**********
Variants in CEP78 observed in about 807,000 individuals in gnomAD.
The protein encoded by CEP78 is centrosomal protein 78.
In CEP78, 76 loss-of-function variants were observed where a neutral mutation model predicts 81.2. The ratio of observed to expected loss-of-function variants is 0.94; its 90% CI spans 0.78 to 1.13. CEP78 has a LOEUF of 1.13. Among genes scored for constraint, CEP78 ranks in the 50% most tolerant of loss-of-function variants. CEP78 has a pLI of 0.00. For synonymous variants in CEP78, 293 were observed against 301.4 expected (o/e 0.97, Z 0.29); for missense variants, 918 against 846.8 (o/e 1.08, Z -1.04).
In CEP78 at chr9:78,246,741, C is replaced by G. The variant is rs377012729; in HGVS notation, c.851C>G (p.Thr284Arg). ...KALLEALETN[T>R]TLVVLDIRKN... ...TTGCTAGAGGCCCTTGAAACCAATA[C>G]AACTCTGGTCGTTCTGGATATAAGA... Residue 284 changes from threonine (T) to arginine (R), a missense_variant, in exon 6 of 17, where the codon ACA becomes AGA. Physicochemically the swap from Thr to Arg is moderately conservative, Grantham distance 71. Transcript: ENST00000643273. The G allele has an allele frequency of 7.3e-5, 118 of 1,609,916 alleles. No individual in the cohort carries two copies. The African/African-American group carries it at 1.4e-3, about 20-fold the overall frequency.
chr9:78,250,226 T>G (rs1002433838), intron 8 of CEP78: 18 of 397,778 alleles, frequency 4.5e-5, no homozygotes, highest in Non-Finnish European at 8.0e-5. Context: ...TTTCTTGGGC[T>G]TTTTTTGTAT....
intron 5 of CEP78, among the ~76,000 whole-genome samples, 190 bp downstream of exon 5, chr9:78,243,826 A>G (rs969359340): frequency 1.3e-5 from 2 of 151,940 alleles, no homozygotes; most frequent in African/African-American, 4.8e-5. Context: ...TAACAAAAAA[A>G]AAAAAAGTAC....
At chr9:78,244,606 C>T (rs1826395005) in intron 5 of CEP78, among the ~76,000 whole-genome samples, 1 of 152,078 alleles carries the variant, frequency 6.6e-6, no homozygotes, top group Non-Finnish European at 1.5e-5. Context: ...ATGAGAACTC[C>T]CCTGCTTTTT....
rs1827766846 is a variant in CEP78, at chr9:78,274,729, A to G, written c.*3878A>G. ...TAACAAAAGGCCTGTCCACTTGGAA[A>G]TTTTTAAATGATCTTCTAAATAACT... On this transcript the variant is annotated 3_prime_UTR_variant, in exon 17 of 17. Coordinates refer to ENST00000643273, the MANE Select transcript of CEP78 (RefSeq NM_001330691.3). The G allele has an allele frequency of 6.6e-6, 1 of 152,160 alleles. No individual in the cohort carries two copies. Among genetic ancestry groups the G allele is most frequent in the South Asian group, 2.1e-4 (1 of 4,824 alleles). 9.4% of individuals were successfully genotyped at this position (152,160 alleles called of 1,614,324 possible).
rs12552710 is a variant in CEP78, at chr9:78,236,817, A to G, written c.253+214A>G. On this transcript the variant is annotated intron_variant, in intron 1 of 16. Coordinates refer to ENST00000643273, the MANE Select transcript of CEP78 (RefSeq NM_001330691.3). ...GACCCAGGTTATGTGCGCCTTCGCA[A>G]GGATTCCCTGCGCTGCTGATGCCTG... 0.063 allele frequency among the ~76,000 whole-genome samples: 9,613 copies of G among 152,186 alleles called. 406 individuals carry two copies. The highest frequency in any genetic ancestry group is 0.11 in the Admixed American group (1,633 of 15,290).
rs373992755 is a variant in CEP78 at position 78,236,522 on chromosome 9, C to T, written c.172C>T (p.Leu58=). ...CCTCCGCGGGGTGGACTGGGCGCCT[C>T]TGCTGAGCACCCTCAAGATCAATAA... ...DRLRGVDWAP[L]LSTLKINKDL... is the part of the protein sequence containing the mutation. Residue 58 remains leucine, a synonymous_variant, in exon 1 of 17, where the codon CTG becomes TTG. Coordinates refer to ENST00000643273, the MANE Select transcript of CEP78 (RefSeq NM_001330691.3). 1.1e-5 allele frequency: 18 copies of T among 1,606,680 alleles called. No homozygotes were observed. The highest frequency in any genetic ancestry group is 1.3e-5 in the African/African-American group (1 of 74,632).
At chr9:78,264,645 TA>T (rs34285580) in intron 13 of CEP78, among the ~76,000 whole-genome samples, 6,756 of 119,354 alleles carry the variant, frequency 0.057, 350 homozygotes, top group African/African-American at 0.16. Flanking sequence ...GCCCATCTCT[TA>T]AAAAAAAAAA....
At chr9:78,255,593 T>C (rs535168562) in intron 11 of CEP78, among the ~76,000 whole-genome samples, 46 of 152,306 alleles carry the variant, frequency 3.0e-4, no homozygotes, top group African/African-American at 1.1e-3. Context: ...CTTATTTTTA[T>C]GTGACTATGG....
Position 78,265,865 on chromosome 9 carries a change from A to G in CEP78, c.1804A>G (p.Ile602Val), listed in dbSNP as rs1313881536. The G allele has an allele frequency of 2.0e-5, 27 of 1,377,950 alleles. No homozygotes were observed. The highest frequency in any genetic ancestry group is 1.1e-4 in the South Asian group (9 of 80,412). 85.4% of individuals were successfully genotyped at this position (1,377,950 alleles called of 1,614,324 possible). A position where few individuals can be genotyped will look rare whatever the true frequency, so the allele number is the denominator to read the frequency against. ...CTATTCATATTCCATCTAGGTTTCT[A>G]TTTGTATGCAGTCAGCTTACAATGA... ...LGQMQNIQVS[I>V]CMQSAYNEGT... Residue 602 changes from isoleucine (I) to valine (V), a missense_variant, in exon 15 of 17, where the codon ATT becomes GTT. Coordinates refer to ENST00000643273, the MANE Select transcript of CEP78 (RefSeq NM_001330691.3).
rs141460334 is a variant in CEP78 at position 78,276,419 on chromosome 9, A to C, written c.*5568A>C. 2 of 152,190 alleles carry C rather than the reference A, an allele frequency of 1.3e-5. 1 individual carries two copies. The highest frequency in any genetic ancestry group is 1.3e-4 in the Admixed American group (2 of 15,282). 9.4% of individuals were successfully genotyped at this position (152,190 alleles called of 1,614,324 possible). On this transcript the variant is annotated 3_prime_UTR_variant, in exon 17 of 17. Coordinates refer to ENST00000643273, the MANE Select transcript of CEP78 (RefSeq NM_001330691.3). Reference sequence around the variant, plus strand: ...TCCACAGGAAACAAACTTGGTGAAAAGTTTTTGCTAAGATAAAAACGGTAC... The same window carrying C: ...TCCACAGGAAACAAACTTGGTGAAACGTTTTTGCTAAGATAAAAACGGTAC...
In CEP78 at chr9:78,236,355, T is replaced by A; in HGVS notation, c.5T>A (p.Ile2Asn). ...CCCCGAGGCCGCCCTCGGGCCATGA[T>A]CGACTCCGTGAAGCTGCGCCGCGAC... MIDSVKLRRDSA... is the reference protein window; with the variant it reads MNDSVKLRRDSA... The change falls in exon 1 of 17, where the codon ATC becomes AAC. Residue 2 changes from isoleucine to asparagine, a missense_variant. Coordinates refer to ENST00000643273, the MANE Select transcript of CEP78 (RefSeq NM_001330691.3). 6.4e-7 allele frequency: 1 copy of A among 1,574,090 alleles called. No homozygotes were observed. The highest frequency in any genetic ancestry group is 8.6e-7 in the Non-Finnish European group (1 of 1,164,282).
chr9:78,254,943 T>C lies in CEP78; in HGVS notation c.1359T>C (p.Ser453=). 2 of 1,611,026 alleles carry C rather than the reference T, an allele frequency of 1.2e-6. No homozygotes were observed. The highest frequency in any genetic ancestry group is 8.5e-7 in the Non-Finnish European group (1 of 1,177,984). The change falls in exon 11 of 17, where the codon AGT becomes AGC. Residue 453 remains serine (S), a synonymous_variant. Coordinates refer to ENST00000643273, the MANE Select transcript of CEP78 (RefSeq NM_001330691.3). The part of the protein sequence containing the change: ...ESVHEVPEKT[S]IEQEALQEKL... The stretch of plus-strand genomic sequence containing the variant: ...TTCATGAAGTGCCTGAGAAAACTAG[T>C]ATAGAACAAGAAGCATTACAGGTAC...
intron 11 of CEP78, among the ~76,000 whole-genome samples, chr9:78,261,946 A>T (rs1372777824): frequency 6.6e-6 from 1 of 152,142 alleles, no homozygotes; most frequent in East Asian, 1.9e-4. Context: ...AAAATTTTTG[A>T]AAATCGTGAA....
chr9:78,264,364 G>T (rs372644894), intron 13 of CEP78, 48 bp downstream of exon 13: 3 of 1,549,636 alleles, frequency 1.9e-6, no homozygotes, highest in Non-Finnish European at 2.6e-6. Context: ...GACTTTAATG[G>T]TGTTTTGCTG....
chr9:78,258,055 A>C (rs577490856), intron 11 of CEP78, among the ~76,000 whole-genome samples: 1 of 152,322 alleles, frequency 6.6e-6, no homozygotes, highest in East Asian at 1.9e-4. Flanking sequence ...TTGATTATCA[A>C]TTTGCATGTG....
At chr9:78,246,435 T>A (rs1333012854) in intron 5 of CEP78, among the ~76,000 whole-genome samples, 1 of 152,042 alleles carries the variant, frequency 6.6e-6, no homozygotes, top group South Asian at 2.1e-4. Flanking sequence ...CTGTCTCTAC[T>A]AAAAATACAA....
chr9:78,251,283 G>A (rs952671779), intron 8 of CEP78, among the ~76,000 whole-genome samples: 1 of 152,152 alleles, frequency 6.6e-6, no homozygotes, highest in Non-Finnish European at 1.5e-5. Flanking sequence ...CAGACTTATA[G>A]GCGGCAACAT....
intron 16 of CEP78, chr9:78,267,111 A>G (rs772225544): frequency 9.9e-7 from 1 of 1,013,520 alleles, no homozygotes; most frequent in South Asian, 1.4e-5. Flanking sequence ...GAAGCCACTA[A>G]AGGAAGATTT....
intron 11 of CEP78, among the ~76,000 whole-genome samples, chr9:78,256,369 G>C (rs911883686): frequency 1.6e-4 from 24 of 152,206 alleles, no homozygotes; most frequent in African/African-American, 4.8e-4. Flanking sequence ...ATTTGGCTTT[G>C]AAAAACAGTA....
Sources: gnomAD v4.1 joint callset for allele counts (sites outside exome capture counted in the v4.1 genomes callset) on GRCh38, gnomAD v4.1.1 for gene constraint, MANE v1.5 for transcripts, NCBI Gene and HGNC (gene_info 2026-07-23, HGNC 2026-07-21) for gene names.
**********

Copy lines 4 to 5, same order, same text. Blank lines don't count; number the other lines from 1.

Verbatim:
In CEP78 at chr9:78,246,741, C is replaced by G. The variant is rs377012729; in HGVS notation, c.851C>G (p.Thr284Arg). ...KALLEALETN[T>R]TLVVLDIRKN... ...TTGCTAGAGGCCCTTGAAACCAATA[C>G]AACTCTGGTCGTTCTGGATATAAGA... Residue 284 changes from threonine (T) to arginine (R), a missense_variant, in exon 6 of 17, where the codon ACA becomes AGA. Physicochemically the swap from Thr to Arg is moderately conservative, Grantham distance 71. Transcript: ENST00000643273. The G allele has an allele frequency of 7.3e-5, 118 of 1,609,916 alleles. No individual in the cohort carries two copies. The African/African-American group carries it at 1.4e-3, about 20-fold the overall frequency.
chr9:78,250,226 T>G (rs1002433838), intron 8 of CEP78: 18 of 397,778 alleles, frequency 4.5e-5, no homozygotes, highest in Non-Finnish European at 8.0e-5. Context: ...TTTCTTGGGC[T>G]TTTTTTGTAT....